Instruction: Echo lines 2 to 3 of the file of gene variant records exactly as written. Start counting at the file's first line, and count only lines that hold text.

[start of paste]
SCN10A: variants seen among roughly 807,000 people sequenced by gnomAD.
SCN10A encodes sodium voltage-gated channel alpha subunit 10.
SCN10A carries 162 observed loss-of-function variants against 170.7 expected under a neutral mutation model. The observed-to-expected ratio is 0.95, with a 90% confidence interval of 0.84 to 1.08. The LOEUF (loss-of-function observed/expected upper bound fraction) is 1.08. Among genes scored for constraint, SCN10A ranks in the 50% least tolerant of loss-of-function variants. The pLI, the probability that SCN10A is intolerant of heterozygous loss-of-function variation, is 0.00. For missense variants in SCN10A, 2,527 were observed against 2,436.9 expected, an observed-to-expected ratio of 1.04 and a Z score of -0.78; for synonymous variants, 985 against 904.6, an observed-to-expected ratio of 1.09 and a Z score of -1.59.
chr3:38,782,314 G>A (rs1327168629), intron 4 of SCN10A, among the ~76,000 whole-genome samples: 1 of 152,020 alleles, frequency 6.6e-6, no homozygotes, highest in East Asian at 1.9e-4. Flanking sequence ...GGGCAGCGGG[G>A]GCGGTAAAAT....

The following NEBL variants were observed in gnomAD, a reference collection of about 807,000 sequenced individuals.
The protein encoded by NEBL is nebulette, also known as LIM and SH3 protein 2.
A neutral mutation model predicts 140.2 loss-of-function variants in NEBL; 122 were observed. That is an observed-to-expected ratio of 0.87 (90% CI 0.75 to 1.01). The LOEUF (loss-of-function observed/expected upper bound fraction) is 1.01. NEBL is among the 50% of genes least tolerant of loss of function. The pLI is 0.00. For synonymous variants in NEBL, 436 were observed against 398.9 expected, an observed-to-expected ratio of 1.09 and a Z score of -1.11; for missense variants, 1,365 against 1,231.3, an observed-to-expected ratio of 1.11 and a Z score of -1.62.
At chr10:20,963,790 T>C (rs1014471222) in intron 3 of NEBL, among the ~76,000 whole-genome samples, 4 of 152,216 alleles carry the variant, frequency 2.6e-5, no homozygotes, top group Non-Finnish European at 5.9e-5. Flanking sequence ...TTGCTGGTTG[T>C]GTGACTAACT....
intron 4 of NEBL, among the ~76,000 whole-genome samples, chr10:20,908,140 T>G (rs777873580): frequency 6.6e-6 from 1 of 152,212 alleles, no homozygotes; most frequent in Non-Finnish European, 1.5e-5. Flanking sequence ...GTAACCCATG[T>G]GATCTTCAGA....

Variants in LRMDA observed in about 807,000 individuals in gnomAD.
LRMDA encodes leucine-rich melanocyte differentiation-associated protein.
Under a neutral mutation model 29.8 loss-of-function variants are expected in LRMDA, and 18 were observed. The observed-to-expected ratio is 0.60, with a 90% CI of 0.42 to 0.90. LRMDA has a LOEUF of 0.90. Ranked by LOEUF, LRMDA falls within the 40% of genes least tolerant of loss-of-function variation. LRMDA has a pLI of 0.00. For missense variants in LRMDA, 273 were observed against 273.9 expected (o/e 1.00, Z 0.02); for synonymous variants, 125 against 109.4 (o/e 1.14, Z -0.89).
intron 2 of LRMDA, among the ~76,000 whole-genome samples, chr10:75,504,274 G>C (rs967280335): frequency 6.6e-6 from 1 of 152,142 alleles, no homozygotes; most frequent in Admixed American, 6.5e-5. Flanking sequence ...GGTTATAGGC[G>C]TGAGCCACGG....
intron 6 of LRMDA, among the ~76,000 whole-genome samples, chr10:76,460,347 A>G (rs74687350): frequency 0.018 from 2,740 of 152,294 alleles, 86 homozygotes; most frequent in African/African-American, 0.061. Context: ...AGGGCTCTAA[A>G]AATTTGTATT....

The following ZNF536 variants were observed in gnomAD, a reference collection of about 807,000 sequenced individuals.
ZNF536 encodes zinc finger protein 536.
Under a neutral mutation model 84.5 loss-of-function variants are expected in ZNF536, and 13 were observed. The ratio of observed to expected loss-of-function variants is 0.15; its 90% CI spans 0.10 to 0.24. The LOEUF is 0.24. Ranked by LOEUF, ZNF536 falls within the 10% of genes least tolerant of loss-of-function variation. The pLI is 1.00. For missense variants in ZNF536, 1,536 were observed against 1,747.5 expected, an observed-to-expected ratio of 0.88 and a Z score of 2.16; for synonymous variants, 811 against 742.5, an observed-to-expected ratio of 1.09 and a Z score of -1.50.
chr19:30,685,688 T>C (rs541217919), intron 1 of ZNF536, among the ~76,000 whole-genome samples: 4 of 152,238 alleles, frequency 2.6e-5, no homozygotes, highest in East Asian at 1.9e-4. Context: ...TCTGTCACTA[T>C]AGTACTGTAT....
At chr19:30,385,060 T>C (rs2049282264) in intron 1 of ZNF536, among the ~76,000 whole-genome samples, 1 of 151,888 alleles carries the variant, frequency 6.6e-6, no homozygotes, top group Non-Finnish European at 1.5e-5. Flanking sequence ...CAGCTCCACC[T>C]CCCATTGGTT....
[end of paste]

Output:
SCN10A encodes sodium voltage-gated channel alpha subunit 10.
SCN10A carries 162 observed loss-of-function variants against 170.7 expected under a neutral mutation model. The observed-to-expected ratio is 0.95, with a 90% confidence interval of 0.84 to 1.08. The LOEUF (loss-of-function observed/expected upper bound fraction) is 1.08. Among genes scored for constraint, SCN10A ranks in the 50% least tolerant of loss-of-function variants. The pLI, the probability that SCN10A is intolerant of heterozygous loss-of-function variation, is 0.00. For missense variants in SCN10A, 2,527 were observed against 2,436.9 expected, an observed-to-expected ratio of 1.04 and a Z score of -0.78; for synonymous variants, 985 against 904.6, an observed-to-expected ratio of 1.09 and a Z score of -1.59.